FDR's Forgotten Instructions for a Simple Funeral and Burial
In December, 1937, Franklin Roosevelt wrote out instructions for his funeral and burial. The four-page document, kept folded in an envelope in Roosevelt’s personal safe in his bedroom at the White House, was discovered only after his burial on April 15, 1945.
The Lincoln Assassination, as Seen Through the Pages of a D.C. Police Blotter
This Washington, D.C., Metropolitan Police Department blotter for the night of April 14, 1865 records the news of the Lincoln assassination in the bottom right-hand entry.
Pretty Environmental Propaganda Posters from 1980s China
The great site ChinesePosters.net offers deep thematic coverage of Chinese propaganda posters from the collections of the International Institute of Social History in Amsterdam. The images below are from their collection of environmental posters of the 1970s and 1980s.
Newly Digitized Photo Archive Takes a Personal Look at Cesar Chavez and the Farmworker Movement
These photos come from the archive of the photographer Bob Fitch, held by Stanford. Ninety images from Fitch’s 1968-1974 coverage of United Farmworkers Union activism during Cesar Chavez’ presidency are now available in an online gallery through the Stanford Library.
Early 20th-Century Spirit Photographs Specializing in Stellar Faked Ectoplasm
While spirit photography, which claims to capture ghosts on film, dates back to the middle of the nineteenth century—William H. Mumler was tried in New York for faking photographs in 1869—the practice has had tremendous longevity. These photos, taken in the first couple of decades of the twentieth century, were part of a resurgence of interest in “psychic photography” after the tremendous losses of the first World War.
This Spreading Tree Chart Shows the Midcentury Explosion in Uses of Petroleum
Socony-Vacuum Oil Company produced this diagram, meant as a tool to show off the diversity of products made from crude oil, in 1957. The image showcases the industry’s progress by including a comparatively miniature “Petroleum Tree of 60 Years Ago” diagram in the bottom left-hand corner. The visual reference to the familiar family tree conveys Socony-Vacuum’s pride in the oil industry’s reach.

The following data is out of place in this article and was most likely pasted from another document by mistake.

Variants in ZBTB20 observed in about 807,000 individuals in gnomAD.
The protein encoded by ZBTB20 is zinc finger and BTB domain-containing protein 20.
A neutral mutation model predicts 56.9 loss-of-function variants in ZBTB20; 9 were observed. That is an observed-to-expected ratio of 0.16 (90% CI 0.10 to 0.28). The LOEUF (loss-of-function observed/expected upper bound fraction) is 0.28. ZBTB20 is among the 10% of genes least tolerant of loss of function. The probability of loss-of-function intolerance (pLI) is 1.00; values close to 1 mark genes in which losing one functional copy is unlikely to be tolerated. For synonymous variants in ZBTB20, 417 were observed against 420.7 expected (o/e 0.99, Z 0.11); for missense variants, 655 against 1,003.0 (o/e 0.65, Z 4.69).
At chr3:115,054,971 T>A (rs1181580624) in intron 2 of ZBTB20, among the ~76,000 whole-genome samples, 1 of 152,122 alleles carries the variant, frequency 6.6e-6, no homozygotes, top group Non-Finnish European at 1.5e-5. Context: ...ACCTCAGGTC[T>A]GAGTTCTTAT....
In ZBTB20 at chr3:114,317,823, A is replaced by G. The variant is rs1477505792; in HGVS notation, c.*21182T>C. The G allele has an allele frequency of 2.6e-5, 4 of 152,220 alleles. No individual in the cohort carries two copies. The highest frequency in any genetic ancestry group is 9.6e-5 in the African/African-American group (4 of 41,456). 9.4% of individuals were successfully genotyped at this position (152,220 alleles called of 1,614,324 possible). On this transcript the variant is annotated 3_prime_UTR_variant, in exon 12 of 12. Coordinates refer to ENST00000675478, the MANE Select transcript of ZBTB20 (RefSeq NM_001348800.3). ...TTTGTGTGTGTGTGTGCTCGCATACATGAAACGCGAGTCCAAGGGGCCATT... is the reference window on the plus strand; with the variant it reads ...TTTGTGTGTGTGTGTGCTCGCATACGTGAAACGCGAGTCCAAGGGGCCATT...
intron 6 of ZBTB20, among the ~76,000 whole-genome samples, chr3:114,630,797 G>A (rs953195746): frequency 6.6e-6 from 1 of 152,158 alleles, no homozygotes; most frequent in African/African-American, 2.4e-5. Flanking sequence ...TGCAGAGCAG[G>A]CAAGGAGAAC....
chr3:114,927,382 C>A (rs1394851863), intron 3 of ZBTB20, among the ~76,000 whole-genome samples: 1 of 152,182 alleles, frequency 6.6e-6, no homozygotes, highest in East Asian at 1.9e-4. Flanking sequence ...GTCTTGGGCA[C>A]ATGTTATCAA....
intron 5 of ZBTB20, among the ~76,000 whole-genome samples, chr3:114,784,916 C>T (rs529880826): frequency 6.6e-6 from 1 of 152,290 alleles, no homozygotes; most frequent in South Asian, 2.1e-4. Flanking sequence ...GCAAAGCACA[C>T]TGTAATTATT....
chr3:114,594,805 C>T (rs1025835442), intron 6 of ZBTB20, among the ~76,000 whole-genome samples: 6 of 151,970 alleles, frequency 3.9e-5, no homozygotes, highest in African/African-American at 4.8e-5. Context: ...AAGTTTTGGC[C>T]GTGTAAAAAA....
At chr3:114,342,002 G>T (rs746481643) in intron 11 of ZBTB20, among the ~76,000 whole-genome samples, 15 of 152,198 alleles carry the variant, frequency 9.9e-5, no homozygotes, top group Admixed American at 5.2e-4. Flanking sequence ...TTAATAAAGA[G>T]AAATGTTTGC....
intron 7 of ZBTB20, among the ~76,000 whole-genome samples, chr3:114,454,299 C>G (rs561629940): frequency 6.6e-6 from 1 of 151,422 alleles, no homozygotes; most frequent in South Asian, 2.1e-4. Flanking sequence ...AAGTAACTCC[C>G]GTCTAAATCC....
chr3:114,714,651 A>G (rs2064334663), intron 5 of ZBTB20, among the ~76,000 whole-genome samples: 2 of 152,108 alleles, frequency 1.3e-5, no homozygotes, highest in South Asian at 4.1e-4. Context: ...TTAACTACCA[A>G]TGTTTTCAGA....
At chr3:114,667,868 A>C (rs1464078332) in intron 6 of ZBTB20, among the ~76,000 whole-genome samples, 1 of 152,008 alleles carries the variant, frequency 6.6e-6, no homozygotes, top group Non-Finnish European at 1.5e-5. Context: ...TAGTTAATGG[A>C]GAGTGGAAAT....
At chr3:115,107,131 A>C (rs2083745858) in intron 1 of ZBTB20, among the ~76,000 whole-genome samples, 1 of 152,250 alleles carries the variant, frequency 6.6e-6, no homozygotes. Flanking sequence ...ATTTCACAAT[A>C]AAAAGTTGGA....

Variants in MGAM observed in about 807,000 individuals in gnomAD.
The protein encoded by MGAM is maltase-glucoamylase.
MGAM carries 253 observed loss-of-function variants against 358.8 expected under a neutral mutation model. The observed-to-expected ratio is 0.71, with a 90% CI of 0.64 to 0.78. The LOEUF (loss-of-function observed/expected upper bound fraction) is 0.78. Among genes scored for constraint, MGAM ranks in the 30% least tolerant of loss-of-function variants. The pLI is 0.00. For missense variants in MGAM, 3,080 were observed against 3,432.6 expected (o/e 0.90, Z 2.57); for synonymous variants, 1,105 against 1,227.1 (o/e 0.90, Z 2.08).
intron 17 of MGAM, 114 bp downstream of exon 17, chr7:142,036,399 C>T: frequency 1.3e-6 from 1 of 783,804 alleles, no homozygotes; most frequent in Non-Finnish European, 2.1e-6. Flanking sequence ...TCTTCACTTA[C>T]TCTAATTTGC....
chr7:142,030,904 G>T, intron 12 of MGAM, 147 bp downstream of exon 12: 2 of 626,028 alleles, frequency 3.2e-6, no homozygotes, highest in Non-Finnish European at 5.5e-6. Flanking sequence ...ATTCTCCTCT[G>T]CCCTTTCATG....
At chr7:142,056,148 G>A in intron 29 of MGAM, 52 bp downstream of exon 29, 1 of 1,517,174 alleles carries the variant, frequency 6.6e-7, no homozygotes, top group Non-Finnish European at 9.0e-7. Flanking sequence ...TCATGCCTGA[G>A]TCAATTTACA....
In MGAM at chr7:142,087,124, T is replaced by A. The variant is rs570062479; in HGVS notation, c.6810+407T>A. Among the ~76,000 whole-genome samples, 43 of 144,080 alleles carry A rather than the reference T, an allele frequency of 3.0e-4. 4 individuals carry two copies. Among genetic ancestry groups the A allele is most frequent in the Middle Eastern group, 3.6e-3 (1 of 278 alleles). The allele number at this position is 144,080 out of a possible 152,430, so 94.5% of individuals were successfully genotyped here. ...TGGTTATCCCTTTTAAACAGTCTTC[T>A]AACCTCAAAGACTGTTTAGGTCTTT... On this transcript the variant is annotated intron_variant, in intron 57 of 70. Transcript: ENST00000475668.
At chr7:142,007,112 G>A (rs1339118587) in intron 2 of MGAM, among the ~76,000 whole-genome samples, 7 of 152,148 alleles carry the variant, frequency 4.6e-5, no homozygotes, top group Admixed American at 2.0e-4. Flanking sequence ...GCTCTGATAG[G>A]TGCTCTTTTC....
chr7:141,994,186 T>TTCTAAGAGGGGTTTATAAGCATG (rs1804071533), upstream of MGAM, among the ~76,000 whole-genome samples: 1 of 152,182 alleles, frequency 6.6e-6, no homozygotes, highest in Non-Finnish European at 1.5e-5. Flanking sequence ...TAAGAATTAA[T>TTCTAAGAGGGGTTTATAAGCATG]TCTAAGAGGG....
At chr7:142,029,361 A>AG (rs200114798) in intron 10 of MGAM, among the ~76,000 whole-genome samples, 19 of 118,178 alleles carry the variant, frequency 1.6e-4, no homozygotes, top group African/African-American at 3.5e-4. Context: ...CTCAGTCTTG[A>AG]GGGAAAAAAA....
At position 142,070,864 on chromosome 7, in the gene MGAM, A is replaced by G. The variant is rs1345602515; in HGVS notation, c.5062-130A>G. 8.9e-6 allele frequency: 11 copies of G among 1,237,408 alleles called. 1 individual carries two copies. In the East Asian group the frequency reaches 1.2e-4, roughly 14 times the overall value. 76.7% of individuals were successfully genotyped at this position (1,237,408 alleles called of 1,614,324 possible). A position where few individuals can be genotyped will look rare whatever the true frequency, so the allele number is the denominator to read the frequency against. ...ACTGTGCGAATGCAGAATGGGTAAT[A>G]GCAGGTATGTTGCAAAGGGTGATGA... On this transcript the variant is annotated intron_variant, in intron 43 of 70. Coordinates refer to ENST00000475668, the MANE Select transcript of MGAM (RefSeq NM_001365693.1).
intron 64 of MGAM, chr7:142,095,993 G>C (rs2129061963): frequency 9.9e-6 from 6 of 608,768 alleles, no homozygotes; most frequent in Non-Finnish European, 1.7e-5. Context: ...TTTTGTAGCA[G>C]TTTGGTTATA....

Tracking a Slave Trader Through His Expense Reports
Slave trader William James Smith kept these records of his business activities from 1844 through 1854. These three pages show how he tallied some of the expenses he incurred on a trading trip in 1844. (You can see all 41 pages of the Smith ledger on the Flickr stream of Wofford College, which holds the book.)
A New York City Firefighting Map from 1834 Will Make You Very Thankful It's 2014
Before the establishment of the paid, professional Metropolitan Fire Department in 1865, New York City firefighting was an all-volunteer affair. This map, printed in 1834, was intended to mark locations of resources and split the city into districts, so that the many small volunteer fire companies could better handle emergencies.
Who Was This Kindly Looking Man Who Took Hundreds of Photobooth Selfies in the Mid-20th Century?
An unidentified man took hundreds and hundreds of these small photobooth self-portraits for several decades, beginning in the 1930s. The effect of his series is strangely modern, reminiscent of Web-based projects like Noah Kalina’s “Everyday.” More than 400 of the images stayed together as a collection, and are now on display at Rutgers University’s Zimmerli Art Museum.
One Sailor's Sketched Memories of a World War II Shipwreck
Artist John Kingsley Cook, a wireless officer in the British merchant navy, sailed for Malta on the ship Empire Guillemot in the summer of 1941. The island held strategic importance for the British war effort, and served as a base of operations beginning in 1940.